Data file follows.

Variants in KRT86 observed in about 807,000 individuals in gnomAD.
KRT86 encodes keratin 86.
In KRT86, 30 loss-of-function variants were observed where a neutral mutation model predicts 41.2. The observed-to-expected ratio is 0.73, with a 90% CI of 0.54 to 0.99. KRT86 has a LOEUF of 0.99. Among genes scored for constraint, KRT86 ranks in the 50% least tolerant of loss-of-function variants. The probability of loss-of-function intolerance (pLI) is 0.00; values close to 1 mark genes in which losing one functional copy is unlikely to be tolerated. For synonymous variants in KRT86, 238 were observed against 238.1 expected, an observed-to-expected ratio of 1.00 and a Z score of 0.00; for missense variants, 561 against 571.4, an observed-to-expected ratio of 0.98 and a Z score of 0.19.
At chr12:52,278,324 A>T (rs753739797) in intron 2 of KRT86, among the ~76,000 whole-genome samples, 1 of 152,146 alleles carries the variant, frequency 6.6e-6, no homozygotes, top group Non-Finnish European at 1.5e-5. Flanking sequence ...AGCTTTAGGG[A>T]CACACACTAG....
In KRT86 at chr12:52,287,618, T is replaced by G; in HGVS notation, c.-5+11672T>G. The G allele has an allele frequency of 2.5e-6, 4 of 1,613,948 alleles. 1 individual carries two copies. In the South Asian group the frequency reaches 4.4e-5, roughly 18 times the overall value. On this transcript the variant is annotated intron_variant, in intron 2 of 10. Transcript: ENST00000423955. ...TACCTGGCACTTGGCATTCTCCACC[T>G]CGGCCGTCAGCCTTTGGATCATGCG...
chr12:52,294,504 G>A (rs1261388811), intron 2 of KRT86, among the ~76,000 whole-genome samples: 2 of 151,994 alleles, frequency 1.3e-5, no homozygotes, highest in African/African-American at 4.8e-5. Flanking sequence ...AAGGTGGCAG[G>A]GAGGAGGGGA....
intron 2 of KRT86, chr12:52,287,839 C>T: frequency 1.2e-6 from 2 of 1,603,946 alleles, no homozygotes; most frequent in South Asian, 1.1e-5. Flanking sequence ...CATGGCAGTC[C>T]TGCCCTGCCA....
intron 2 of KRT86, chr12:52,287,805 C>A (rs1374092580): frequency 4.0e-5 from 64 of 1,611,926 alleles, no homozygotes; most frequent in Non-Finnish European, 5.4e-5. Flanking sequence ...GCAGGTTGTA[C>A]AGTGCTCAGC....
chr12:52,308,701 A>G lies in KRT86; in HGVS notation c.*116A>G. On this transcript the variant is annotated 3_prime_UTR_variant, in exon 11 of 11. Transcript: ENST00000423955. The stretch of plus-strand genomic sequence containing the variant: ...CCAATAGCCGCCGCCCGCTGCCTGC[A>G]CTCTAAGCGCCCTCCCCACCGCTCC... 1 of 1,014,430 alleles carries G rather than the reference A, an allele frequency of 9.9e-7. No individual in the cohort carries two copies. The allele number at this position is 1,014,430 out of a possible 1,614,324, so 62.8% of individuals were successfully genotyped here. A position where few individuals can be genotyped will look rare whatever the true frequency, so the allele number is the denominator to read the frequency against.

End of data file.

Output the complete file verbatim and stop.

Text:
Variants in KRT86 observed in about 807,000 individuals in gnomAD.
KRT86 encodes keratin 86.
In KRT86, 30 loss-of-function variants were observed where a neutral mutation model predicts 41.2. The observed-to-expected ratio is 0.73, with a 90% CI of 0.54 to 0.99. KRT86 has a LOEUF of 0.99. Among genes scored for constraint, KRT86 ranks in the 50% least tolerant of loss-of-function variants. The probability of loss-of-function intolerance (pLI) is 0.00; values close to 1 mark genes in which losing one functional copy is unlikely to be tolerated. For synonymous variants in KRT86, 238 were observed against 238.1 expected, an observed-to-expected ratio of 1.00 and a Z score of 0.00; for missense variants, 561 against 571.4, an observed-to-expected ratio of 0.98 and a Z score of 0.19.
At chr12:52,278,324 A>T (rs753739797) in intron 2 of KRT86, among the ~76,000 whole-genome samples, 1 of 152,146 alleles carries the variant, frequency 6.6e-6, no homozygotes, top group Non-Finnish European at 1.5e-5. Flanking sequence ...AGCTTTAGGG[A>T]CACACACTAG....
In KRT86 at chr12:52,287,618, T is replaced by G; in HGVS notation, c.-5+11672T>G. The G allele has an allele frequency of 2.5e-6, 4 of 1,613,948 alleles. 1 individual carries two copies. In the South Asian group the frequency reaches 4.4e-5, roughly 18 times the overall value. On this transcript the variant is annotated intron_variant, in intron 2 of 10. Transcript: ENST00000423955. ...TACCTGGCACTTGGCATTCTCCACC[T>G]CGGCCGTCAGCCTTTGGATCATGCG...
chr12:52,294,504 G>A (rs1261388811), intron 2 of KRT86, among the ~76,000 whole-genome samples: 2 of 151,994 alleles, frequency 1.3e-5, no homozygotes, highest in African/African-American at 4.8e-5. Flanking sequence ...AAGGTGGCAG[G>A]GAGGAGGGGA....
intron 2 of KRT86, chr12:52,287,839 C>T: frequency 1.2e-6 from 2 of 1,603,946 alleles, no homozygotes; most frequent in South Asian, 1.1e-5. Flanking sequence ...CATGGCAGTC[C>T]TGCCCTGCCA....
intron 2 of KRT86, chr12:52,287,805 C>A (rs1374092580): frequency 4.0e-5 from 64 of 1,611,926 alleles, no homozygotes; most frequent in Non-Finnish European, 5.4e-5. Flanking sequence ...GCAGGTTGTA[C>A]AGTGCTCAGC....
chr12:52,308,701 A>G lies in KRT86; in HGVS notation c.*116A>G. On this transcript the variant is annotated 3_prime_UTR_variant, in exon 11 of 11. Transcript: ENST00000423955. The stretch of plus-strand genomic sequence containing the variant: ...CCAATAGCCGCCGCCCGCTGCCTGC[A>G]CTCTAAGCGCCCTCCCCACCGCTCC... 1 of 1,014,430 alleles carries G rather than the reference A, an allele frequency of 9.9e-7. No individual in the cohort carries two copies. The allele number at this position is 1,014,430 out of a possible 1,614,324, so 62.8% of individuals were successfully genotyped here. A position where few individuals can be genotyped will look rare whatever the true frequency, so the allele number is the denominator to read the frequency against.